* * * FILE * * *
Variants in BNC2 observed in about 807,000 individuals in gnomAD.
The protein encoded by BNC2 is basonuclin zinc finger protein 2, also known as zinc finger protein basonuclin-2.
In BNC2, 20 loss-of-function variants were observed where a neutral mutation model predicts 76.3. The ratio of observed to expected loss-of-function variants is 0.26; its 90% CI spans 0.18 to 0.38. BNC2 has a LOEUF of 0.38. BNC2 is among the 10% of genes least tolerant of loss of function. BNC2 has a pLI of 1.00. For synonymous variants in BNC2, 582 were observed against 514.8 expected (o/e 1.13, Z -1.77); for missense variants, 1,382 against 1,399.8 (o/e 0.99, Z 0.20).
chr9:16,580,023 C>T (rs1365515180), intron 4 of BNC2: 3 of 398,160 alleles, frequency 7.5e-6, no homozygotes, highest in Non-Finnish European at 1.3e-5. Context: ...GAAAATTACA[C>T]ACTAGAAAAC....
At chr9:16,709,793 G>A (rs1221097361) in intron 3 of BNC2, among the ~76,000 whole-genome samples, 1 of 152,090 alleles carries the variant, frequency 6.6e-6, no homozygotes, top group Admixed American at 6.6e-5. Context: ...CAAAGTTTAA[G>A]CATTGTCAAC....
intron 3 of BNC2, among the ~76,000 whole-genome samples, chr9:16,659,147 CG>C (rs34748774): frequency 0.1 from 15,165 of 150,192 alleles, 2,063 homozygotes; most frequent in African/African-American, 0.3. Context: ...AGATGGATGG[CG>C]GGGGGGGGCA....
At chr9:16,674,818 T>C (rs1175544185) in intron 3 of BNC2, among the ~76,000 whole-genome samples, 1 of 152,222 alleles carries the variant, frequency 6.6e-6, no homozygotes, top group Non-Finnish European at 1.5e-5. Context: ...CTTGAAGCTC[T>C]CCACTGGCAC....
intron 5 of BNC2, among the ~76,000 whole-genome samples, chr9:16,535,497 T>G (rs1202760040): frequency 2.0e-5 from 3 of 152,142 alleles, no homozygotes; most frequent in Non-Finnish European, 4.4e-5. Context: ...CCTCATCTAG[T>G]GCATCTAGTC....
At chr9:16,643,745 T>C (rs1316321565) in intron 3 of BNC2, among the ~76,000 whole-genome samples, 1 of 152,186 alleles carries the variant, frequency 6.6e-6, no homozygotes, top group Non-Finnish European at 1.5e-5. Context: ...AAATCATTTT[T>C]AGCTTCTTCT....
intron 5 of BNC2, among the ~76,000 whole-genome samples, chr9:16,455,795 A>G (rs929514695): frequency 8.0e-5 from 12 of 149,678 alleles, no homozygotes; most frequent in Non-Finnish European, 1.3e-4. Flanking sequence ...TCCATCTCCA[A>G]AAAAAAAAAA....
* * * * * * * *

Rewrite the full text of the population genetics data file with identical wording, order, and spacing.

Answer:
Variants in BNC2 observed in about 807,000 individuals in gnomAD.
The protein encoded by BNC2 is basonuclin zinc finger protein 2, also known as zinc finger protein basonuclin-2.
In BNC2, 20 loss-of-function variants were observed where a neutral mutation model predicts 76.3. The ratio of observed to expected loss-of-function variants is 0.26; its 90% CI spans 0.18 to 0.38. BNC2 has a LOEUF of 0.38. BNC2 is among the 10% of genes least tolerant of loss of function. BNC2 has a pLI of 1.00. For synonymous variants in BNC2, 582 were observed against 514.8 expected (o/e 1.13, Z -1.77); for missense variants, 1,382 against 1,399.8 (o/e 0.99, Z 0.20).
chr9:16,580,023 C>T (rs1365515180), intron 4 of BNC2: 3 of 398,160 alleles, frequency 7.5e-6, no homozygotes, highest in Non-Finnish European at 1.3e-5. Context: ...GAAAATTACA[C>T]ACTAGAAAAC....
At chr9:16,709,793 G>A (rs1221097361) in intron 3 of BNC2, among the ~76,000 whole-genome samples, 1 of 152,090 alleles carries the variant, frequency 6.6e-6, no homozygotes, top group Admixed American at 6.6e-5. Context: ...CAAAGTTTAA[G>A]CATTGTCAAC....
intron 3 of BNC2, among the ~76,000 whole-genome samples, chr9:16,659,147 CG>C (rs34748774): frequency 0.1 from 15,165 of 150,192 alleles, 2,063 homozygotes; most frequent in African/African-American, 0.3. Context: ...AGATGGATGG[CG>C]GGGGGGGGCA....
At chr9:16,674,818 T>C (rs1175544185) in intron 3 of BNC2, among the ~76,000 whole-genome samples, 1 of 152,222 alleles carries the variant, frequency 6.6e-6, no homozygotes, top group Non-Finnish European at 1.5e-5. Context: ...CTTGAAGCTC[T>C]CCACTGGCAC....
intron 5 of BNC2, among the ~76,000 whole-genome samples, chr9:16,535,497 T>G (rs1202760040): frequency 2.0e-5 from 3 of 152,142 alleles, no homozygotes; most frequent in Non-Finnish European, 4.4e-5. Context: ...CCTCATCTAG[T>G]GCATCTAGTC....
At chr9:16,643,745 T>C (rs1316321565) in intron 3 of BNC2, among the ~76,000 whole-genome samples, 1 of 152,186 alleles carries the variant, frequency 6.6e-6, no homozygotes, top group Non-Finnish European at 1.5e-5. Context: ...AAATCATTTT[T>C]AGCTTCTTCT....
intron 5 of BNC2, among the ~76,000 whole-genome samples, chr9:16,455,795 A>G (rs929514695): frequency 8.0e-5 from 12 of 149,678 alleles, no homozygotes; most frequent in Non-Finnish European, 1.3e-4. Flanking sequence ...TCCATCTCCA[A>G]AAAAAAAAAA....